Consider industrial-scale additive manufacturing (ISAM) as an example. ISAM holds tremendous potential for highly innovative industrial design, sourcing and production. It’s one of the most promising opportunities associated with smart manufacturing because it’s an entirely digital production model from end to end.
Though the technology and resources exist for ISAM, adoption has been slow as product designers, procurement specialists, production engineers and other front-line roles struggle to tap into quickly evolving technologies and techniques in the AM market. To combat the knowledge gap, we created the Siemens Additive Manufacturing Network, a cloud-based open-platform service that links a trusted network of major players together to work jointly to advance AM industrialization.
What does success look like? Seek out examples of widespread industry adoption or case studies that support enterprise system architecture modernization with demonstrated measurable results.
For example, in the electronics industry, software to manage the product lifecycle is the system of choice because of its ability to combat inefficient end-to-end processes, fragmented data systems, mounting product complexity and stringent regulations.
One specific case example to look to as a reason for adopting this software is FLEX, an electronics-manufacturing service provider headquartered in Singapore that has been operating a plant in Guadalajara, Mexico, since 1997. The Guadalajara plant struggled to improve production efficiency, optimize systems engineering, address global competition and provide high-quality end products in shorter lead times for the injection-molding business. After implementing software that enabled the company to offer integrated solutions to its clients—ranging from design, repair and maintenance to actual production—production lead times were reduced from four months to five weeks; effective implementation of new techniques such as in-mold labeling were introduced; more complex work could be taken on; new business opportunities developed; and, the plant gained recognition for superior quality standards.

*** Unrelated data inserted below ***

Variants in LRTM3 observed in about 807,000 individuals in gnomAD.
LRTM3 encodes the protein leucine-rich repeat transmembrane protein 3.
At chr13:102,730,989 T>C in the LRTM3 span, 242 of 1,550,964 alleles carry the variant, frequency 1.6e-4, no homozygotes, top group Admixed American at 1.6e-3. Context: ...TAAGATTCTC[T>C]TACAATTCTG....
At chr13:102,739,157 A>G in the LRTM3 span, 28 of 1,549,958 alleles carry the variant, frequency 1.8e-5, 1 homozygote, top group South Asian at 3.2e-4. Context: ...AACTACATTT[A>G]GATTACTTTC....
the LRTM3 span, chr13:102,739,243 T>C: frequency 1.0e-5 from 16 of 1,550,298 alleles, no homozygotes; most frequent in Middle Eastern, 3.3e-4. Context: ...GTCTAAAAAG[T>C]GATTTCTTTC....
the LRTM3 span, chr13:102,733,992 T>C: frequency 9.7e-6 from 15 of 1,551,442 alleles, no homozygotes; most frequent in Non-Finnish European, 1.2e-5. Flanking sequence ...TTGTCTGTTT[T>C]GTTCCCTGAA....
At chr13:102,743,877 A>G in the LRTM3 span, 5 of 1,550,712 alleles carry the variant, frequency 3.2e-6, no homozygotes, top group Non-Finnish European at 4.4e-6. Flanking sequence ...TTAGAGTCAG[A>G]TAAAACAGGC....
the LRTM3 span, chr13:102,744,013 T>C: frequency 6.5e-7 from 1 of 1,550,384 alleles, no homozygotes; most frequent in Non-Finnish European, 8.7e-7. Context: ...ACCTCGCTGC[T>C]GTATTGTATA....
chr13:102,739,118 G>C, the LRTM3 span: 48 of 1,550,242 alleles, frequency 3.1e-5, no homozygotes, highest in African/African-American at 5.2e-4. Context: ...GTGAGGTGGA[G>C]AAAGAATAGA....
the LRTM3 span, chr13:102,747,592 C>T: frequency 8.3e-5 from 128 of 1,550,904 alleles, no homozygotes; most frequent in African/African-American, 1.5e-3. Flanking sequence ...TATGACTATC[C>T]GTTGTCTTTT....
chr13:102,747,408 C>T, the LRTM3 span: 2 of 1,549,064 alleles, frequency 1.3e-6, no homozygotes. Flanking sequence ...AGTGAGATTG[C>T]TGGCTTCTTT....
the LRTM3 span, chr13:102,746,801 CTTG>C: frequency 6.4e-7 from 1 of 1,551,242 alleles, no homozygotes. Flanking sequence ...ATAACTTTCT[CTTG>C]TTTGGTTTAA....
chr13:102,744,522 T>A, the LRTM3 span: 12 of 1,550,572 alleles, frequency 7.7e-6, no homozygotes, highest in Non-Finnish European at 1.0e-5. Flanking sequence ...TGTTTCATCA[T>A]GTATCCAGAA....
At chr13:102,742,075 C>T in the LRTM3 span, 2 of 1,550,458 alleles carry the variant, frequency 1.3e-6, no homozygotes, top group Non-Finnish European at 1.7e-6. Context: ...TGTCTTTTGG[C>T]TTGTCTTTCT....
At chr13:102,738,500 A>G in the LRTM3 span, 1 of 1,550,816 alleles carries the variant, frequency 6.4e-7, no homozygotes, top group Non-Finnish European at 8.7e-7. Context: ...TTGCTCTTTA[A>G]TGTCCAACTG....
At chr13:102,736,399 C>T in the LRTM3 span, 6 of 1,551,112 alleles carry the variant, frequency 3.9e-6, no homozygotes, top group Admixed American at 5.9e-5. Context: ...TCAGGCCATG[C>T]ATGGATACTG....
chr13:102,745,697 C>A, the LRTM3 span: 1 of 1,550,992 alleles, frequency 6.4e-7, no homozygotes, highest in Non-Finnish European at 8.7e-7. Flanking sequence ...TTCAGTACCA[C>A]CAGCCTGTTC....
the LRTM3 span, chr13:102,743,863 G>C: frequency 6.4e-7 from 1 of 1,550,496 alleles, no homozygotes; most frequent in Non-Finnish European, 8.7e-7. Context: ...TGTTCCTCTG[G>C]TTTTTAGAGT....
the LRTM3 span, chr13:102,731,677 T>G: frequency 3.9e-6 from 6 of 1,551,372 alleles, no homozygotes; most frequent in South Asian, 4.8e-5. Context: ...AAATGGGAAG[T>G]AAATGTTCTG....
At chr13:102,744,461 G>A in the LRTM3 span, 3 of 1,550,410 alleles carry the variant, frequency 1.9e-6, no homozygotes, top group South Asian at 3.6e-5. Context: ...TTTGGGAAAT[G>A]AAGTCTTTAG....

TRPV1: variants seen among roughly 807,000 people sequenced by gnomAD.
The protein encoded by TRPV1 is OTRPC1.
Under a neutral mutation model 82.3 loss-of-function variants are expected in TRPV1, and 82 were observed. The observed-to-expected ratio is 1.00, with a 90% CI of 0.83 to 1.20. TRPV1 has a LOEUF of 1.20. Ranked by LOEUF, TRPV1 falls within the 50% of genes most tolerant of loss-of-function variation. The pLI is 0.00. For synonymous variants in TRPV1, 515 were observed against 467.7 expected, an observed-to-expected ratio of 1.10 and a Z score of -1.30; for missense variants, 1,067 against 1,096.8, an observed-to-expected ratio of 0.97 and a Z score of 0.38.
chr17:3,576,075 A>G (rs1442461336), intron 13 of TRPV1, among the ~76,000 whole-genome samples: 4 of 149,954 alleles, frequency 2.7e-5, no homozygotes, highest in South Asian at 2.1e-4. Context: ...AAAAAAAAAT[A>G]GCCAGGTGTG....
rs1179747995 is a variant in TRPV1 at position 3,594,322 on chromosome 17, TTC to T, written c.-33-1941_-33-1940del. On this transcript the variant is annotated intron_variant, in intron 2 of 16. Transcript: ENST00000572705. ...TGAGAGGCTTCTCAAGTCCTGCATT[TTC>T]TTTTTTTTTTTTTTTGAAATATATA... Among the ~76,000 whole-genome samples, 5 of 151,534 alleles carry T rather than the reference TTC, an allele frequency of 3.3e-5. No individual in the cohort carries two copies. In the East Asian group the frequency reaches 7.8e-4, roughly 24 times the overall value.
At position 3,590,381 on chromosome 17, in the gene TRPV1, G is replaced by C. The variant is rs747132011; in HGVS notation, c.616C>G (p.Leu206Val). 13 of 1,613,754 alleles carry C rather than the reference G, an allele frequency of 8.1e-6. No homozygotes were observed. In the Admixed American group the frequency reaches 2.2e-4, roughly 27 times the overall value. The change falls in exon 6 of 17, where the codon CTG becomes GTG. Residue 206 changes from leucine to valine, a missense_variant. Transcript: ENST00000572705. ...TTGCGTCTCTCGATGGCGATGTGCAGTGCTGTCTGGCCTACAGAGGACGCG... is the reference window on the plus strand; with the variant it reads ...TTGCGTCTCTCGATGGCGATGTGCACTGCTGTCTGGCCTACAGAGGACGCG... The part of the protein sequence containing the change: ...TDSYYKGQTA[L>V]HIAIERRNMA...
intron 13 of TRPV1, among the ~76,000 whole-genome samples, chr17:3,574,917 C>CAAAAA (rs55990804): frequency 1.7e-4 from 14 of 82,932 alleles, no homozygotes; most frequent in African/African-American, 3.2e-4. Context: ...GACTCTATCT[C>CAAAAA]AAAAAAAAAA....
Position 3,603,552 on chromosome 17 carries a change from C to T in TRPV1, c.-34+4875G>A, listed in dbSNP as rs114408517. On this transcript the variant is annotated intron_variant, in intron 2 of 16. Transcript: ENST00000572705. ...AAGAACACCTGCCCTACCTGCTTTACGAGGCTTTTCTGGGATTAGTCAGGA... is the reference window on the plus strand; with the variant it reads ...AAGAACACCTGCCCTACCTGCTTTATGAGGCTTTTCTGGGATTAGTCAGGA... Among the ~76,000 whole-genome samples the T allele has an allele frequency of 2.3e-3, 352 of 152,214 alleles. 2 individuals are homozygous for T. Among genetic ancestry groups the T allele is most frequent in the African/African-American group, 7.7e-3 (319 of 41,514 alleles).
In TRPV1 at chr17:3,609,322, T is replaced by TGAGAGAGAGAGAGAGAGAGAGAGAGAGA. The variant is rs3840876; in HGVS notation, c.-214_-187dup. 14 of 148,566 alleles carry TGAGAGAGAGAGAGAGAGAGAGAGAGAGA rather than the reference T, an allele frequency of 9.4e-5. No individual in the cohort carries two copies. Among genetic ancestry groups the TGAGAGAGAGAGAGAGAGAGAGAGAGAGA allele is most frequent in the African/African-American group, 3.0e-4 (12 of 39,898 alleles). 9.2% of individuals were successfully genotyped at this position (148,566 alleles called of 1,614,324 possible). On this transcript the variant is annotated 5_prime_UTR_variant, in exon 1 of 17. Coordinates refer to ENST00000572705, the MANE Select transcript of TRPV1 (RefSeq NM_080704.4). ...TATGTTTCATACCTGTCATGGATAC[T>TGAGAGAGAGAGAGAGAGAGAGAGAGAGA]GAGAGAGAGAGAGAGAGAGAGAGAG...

Once your organization has answered these questions, it will be on the road to making a sea change in its enterprise architecture. That means better outcomes lie ahead, such as reduced costs and more informed decision-making, as well as increased agility through faster project planning and execution.
This concludes part two of our series on enterprise system architecture. In part three, we discuss kickstarting effective change management.
About the authors
Alex Allison is an account orchestrator with Siemens PLM Software and has been with the company since 2013. In his current role, he is responsible for maintaining relationships with electronics and high-tech companies on the Eastern seaboard. Alex began his career in the semiconductor industry, specializing in manufacturing systems. He has experience around OCM, managing complex enterprise system architecture, and ensuring customers have the right solutions and processes that will result in transformational efficiencies throughout their business.
Josh Ray is an account development executive for Siemens PLM Software. He began his career in the manufacturing software organization. Josh is passionate about people and technology, and his current role is to support business development in the industrial machinery and medical device industries. Josh works with companies to increase awareness and adoption of technologies across their innovation and product lifecycle. He regularly engages with C-level executives in this role, which inspires his drive to gain a deeper understanding of industry trends and the obstacles companies currently face.